Murray, as you may guess from his emphasis on opportunities for traditional marriage and the preeminence of personal responsibility, is much more conservative than the other participants in the debate, and introduces a free market argument that many political conservatives might like just as well as pro-labor liberals and progressives. This argument is founded on the importance of competition in a well-functioning economy. To harness the benefits of competition, Murray proposes that if people have ‘walking – away’ money, employers will have to compete with one another for employees, and in doing so, they will have to innovate to make jobs appealing. Employers would have to offer good wages, provide a pleasant and safe working environment, and make the work seem meaningful and appreciated. This is a sort of competition that serves drives wages, standards, and productivity up, not sending wages and working conditions spiraling in the race to the bottom that so many unregulated job markets, mostly competing to lower prices, have exhibited throughout the history of capitalism.

Jared Bernstein repeats the argument throughout the debate, like a mantra, that a dollar given to someone that doesn’t need it is a dollar taken away from someone that does. Many in the audience seem to find this argument convincing, but I don’t, at least without much more justification than he provides. For one thing, neither Bernstein nor his debate partner Jason Furman addresses the vast expenditures of time and money of a bureaucracy required to administer large-scale need-based welfare. It’s expensive for government as well as for individuals, who are required to provide proofs of their need, which is multi-dimensional and subjective and therefore difficult and time-consuming to demonstrate. (Murray does address problems with this kind of bureaucracy, but he emphasizes its unpleasantness and the way it re-introduces a form of serfdom, creating a class of people whose freedom is limited by this system.) For another thing, neither Bernstein nor Furman directly addresses the fact that universal basic income would vastly expand the number of people with disposable income for the first time, much more vastly than needs-based programs do. Most of this money, in turn, would go straight back into the economy, rather than into the ever-inflating bank accounts of the ever-fewer, ever-wealthier wealthiest individuals who are now gobbling up an ever-larger share of the economic pie. Our targeted redistribution system has been entirely unable to resolve this inefficiency, and in fact, may exacerbate it.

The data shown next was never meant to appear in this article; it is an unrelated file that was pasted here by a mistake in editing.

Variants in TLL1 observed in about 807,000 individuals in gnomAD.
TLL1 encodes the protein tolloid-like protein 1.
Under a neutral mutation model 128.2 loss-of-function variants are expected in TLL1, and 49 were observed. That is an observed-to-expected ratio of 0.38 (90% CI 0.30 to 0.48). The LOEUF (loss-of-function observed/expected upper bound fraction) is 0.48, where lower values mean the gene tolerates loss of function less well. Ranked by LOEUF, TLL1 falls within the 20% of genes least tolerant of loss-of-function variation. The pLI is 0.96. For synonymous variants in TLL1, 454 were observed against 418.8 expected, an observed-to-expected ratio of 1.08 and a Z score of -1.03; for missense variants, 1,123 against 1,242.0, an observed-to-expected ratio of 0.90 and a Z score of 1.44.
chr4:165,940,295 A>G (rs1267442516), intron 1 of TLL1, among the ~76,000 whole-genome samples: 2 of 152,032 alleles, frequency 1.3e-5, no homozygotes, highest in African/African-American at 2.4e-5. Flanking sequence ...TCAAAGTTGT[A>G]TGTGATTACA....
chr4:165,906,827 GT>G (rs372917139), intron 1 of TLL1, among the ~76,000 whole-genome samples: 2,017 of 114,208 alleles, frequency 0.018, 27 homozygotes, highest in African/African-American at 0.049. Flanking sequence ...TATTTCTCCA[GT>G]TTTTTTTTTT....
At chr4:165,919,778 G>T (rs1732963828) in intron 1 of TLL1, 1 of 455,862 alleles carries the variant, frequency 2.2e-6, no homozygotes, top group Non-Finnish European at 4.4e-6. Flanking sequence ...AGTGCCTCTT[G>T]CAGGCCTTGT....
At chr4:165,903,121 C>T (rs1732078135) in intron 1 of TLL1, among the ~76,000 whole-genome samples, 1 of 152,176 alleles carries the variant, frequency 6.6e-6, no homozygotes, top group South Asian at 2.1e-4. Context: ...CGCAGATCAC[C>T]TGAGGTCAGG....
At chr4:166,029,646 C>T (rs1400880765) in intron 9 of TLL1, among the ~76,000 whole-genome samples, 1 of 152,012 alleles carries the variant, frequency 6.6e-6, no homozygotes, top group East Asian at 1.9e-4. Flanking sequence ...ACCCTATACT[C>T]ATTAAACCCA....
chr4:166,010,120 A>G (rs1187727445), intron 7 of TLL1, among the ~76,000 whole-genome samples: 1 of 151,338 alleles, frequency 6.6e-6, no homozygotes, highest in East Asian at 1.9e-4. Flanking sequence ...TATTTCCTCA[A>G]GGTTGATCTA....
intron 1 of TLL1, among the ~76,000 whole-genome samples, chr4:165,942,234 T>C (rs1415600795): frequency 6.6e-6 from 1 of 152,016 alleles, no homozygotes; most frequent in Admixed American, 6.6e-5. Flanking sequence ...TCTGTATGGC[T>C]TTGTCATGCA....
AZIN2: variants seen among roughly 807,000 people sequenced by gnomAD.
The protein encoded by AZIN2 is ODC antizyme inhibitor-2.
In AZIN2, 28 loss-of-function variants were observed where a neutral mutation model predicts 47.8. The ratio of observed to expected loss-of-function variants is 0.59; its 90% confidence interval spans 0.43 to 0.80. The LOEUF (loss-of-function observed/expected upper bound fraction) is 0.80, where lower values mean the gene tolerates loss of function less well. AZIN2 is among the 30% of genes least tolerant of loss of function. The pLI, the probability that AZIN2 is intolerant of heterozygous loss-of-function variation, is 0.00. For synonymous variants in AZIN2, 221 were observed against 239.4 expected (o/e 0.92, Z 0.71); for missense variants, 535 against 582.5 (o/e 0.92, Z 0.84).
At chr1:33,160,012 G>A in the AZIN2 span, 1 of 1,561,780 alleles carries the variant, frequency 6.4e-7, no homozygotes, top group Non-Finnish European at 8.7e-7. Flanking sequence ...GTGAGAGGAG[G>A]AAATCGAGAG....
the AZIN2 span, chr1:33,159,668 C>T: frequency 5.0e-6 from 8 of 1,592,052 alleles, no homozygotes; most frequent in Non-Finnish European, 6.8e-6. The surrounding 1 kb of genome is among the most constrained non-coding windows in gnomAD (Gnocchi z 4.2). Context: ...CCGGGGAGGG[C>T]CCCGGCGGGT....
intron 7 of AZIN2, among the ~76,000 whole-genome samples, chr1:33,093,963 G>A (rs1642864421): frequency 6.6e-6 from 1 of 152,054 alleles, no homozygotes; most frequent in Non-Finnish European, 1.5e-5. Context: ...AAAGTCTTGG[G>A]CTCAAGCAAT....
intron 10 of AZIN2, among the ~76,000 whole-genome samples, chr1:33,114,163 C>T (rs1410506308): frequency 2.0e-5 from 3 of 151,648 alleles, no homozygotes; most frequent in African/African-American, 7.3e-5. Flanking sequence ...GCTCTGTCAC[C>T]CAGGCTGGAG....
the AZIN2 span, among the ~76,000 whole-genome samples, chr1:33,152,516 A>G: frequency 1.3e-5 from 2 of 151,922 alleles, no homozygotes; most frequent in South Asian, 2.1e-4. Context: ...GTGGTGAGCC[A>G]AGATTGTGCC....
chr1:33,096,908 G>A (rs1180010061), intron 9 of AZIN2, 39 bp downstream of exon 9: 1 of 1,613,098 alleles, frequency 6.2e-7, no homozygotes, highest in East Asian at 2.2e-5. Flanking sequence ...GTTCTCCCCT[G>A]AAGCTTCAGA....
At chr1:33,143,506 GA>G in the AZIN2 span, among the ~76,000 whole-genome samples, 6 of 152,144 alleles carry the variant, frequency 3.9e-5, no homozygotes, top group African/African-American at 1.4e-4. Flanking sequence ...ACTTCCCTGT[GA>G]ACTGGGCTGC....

The side arguing in favor of the motion, which, as I’ve already mentioned, I’m more sympathetic to for aforementioned reasons, does not, in the end, convince the audience. They’re handily defeated, as the side arguing against the motion not only convinces most of the undecided but also wins over some of the basic income supporters. I suspect that Murray hurts his side a bit by spending too much time on arguments that I think are beside the point, such as whether more people could afford to get married (it doesn’t have to be expensive!) and on very subtle, not-very-well expressed arguments that were lost among the rest. But I would like to hear another major debate in which basic income is supported by stronger arguments, more convincing answers to objections, and most of all, better evidence. As Stern points out, there are small-scale and short-term experiments in basic income happening all over, in Alaska, Finland, and Toronto, for example, but the results are not in yet. I agree that such a major social program should be rolled out with some caution, given the potential fallout from unforeseen as well as foreseen potential side effects. But perhaps smaller experiments can’t reveal the benefits that a complete reinvention of a large economy would reveal, especially if effectiveness is entirely a matter of scale. For example, such a well-balanced, sturdy, and beautifully functioning thing as a termite mound couldn’t happen without an incredibly large number of factors contributing, namely the weather, millions of termites, many square miles of dirt, and so on. If you took a small pile of dirt and a small number of termites, a well-functioning termite mound would not result.

Our American re-invention of government was another such experiment founded on the idea that people can govern themselves and on the ideal of universal human rights (the ideal, mind you, not yet the reality). Many societies before and for some time since had tried to correct abuses and oppressions with one reform here, one reform there, or with a wholesale chaotic and violent overthrow after societal cohesion had already collapsed through famine and extreme corruption (such as, famously, the French Revolution). But it took a large number of fair-minded people to come together and lay the foundation for an entirely new system of government based on the ideal that all human beings have the right to life, liberty, and the pursuit of happiness, or as John Locke originally formulated it, life, liberty, and property. Or in the case of universal basic income, to actual property.

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Sources and Inspiration:

Labor Theory of Property.” Wikipedia, The Free Encyclopedia

Locke, John. Two Treatises of Government, 1689

Paine, Thomas. Agrarian Justice, 1796.

Paine, Thomas. The Rights of Man, 1791.

The Universal Basic Income Is The Safety Net Of The Future. Intelligence Squared U.S. Debate, March 22, 2017

One thought on “On the Recent Intelligence Squared U.S. Debate About Basic Income

  1. Pingback: On the Recent Intelligence Squared U.S. Debate About Basic Income | Ordinary Philosophy